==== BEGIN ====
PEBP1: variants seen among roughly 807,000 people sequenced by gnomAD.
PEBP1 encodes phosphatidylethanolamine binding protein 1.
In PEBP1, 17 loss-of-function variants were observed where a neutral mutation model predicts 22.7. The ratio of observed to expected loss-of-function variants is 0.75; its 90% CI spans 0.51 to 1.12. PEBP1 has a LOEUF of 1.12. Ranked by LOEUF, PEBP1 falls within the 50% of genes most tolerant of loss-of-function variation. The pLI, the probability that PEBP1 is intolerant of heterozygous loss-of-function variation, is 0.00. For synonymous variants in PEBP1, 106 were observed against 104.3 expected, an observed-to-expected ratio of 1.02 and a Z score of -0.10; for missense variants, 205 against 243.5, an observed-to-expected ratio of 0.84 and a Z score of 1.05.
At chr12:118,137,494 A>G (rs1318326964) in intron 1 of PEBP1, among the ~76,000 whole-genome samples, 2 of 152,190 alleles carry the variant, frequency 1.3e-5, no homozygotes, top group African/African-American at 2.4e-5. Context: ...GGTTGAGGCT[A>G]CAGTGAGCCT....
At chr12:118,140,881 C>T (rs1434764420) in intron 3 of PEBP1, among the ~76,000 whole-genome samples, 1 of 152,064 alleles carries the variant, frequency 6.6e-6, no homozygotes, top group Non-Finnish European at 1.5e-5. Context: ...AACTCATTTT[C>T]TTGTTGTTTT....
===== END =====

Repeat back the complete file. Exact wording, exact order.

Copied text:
PEBP1: variants seen among roughly 807,000 people sequenced by gnomAD.
PEBP1 encodes phosphatidylethanolamine binding protein 1.
In PEBP1, 17 loss-of-function variants were observed where a neutral mutation model predicts 22.7. The ratio of observed to expected loss-of-function variants is 0.75; its 90% CI spans 0.51 to 1.12. PEBP1 has a LOEUF of 1.12. Ranked by LOEUF, PEBP1 falls within the 50% of genes most tolerant of loss-of-function variation. The pLI, the probability that PEBP1 is intolerant of heterozygous loss-of-function variation, is 0.00. For synonymous variants in PEBP1, 106 were observed against 104.3 expected, an observed-to-expected ratio of 1.02 and a Z score of -0.10; for missense variants, 205 against 243.5, an observed-to-expected ratio of 0.84 and a Z score of 1.05.
At chr12:118,137,494 A>G (rs1318326964) in intron 1 of PEBP1, among the ~76,000 whole-genome samples, 2 of 152,190 alleles carry the variant, frequency 1.3e-5, no homozygotes, top group African/African-American at 2.4e-5. Context: ...GGTTGAGGCT[A>G]CAGTGAGCCT....
At chr12:118,140,881 C>T (rs1434764420) in intron 3 of PEBP1, among the ~76,000 whole-genome samples, 1 of 152,064 alleles carries the variant, frequency 6.6e-6, no homozygotes, top group Non-Finnish European at 1.5e-5. Context: ...AACTCATTTT[C>T]TTGTTGTTTT....